‘Why can’t a woman be more like a man – ‘Women are irrational, that’s all there is to that! Their heads are full of cotton, hay, and rags omeprazole dosage. They’re nothing but exasperating, irritating, vacillating, calculating, agitating, maddening and infuriating hags!’ Professor Higgins (My Fair Lady)

Really?  Well, I heard a loud cheer and raised glasses from females (and I am sure many males!) around the globe in recognition of Inga Beale’s appointment this year, as the first female chief executive in Lloyd’s of London’s 325-year history.

Inga has indeed joined the growing band of professional women who have conquered some of the barriers women encounter in their careers and rise to the top –  congratulations Inga!

So, what are the qualities / traits that a female can bring to such a male dominated industry?  Are we curious to see the impact a year ahead?

Recent research by John Gerzema and Michael D’Antonio highlights ‘how women (and the men who think like them) will rule the future.  Among the 64,000 people surveyed in 13 nations, 2/3rds said the world would be a better place if men thought more like women.  The research discovered that it was time for something better than the ‘winner takes all masculine approach of getting things done’.

Research throughout the decades, including Gerzema’s and D’Antonio’s global findings, support that values traditionally associated with women create more effective leaders in today’s society.  Harvard Business Review ‘women’s leadership forum’ reported that ‘female leaders bested their male peers on traits like empathy, influence and conflict management and, self-awareness is rated higher on competences for outstanding leadership.

We have experienced these qualities in many female leaders around the globe and research supports that women do indeed lead differently than men and, according to Eagly & Johnson (2003) ‘gender and leadership styles’ bring ‘more participative and transformational management styles; adaptability and optimism.

In support of Vince Cable’s goal for FTSE 100 co’s to have 25% female representatives on board by 2015  – what do organisations and individuals need to focus on?  What is holding us back?  HBR September 2013 http://hbr.org/2013/09/women-rising-the-unseen-barriers/ comment on the ‘unseen barriers’ – although many organisations are setting aspirational goals for the proportion of women in leadership roles ‘Organizations inadvertently undermine this process when they advise women to proactively seek leadership roles without also addressing policies and practices that communicate a mismatch between how women are seen and the qualities and experiences people tend to associate with leaders’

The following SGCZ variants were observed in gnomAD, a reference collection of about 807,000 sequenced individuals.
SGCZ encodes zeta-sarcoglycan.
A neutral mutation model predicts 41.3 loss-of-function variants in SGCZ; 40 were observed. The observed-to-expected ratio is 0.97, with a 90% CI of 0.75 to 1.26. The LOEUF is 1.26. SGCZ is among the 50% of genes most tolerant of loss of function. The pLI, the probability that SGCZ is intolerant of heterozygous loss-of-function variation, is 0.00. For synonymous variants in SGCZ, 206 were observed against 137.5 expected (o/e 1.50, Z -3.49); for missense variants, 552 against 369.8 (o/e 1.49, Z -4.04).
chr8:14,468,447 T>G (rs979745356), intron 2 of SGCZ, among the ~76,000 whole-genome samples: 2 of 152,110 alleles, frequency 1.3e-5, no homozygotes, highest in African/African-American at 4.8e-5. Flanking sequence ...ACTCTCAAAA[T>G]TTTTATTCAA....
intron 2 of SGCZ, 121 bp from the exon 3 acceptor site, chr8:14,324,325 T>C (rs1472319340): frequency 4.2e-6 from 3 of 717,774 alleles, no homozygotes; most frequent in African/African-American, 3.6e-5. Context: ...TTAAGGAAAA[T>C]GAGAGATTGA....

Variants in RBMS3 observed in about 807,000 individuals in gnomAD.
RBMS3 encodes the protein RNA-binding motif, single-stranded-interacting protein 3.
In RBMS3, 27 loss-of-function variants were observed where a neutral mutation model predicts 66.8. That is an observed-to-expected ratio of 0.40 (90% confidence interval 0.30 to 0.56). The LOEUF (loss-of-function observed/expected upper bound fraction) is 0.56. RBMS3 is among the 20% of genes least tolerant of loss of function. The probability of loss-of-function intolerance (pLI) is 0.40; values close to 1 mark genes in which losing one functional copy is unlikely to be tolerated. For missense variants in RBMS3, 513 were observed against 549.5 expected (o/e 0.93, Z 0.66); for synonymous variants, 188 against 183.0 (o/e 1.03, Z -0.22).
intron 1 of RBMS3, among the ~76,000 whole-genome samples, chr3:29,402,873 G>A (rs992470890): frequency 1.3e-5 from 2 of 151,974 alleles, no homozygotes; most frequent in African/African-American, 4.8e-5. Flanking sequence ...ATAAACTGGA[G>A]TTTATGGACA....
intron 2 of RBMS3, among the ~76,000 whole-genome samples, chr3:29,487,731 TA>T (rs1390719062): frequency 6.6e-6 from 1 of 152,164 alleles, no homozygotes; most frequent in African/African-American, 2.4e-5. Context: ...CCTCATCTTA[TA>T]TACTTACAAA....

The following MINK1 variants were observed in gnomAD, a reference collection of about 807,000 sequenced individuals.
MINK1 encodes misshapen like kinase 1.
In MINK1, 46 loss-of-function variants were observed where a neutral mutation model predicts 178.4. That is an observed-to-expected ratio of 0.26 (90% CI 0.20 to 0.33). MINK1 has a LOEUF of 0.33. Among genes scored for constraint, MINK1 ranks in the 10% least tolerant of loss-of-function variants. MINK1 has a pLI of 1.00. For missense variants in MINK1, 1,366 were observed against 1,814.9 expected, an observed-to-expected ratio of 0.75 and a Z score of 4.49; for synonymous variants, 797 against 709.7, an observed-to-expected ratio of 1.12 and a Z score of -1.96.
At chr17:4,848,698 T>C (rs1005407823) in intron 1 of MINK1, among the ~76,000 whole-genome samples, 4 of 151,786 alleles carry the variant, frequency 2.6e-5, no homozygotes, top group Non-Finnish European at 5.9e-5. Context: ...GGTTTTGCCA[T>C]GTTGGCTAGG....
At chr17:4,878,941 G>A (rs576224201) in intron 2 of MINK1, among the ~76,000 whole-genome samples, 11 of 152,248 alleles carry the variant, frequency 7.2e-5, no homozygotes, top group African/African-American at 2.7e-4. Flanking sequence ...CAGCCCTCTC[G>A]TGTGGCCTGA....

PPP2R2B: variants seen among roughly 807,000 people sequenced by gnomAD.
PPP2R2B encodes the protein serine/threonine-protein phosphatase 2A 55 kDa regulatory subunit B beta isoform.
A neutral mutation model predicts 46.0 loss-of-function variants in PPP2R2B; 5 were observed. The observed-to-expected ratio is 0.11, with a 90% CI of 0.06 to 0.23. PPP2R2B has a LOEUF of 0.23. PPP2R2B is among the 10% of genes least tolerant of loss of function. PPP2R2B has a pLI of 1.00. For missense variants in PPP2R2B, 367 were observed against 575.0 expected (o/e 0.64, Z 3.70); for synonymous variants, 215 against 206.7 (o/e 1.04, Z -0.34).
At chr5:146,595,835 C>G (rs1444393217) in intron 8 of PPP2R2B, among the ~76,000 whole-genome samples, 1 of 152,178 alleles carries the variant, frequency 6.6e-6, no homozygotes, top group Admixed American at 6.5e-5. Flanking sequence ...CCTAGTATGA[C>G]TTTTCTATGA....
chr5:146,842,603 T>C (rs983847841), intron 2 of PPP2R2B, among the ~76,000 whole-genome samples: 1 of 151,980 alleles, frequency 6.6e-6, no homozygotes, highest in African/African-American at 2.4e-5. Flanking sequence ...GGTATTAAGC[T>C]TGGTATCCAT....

From my own experience of mentoring women in management – both in the UK and abroad – the key link always seems to be ‘lack of encouragement from others to aspire to senior positions and lack of self-promotion’.  In the words of Zenger and Folkman ‘one of the areas in which I observe women not developing a strategic view is the advancement of their own careers – women tend to put all their energy into simply doing the best possible job in their current position’.

Inga herself has commented in the past that ‘hard work alone will not get women to the top – we need to focus more on boosting image and exposure’  Her philosophy is ‘getting the noisy people to shut up to allow others to open up’ and concentrating on the PIE factor – Performance, Image and Exposure’.

My question to you is ‘what can we do to support women and organisations alike’  Join us for a further discussion.

Let’s make 2014 a significant year for women in leadership positions

‘wouldn’t it be loverly’!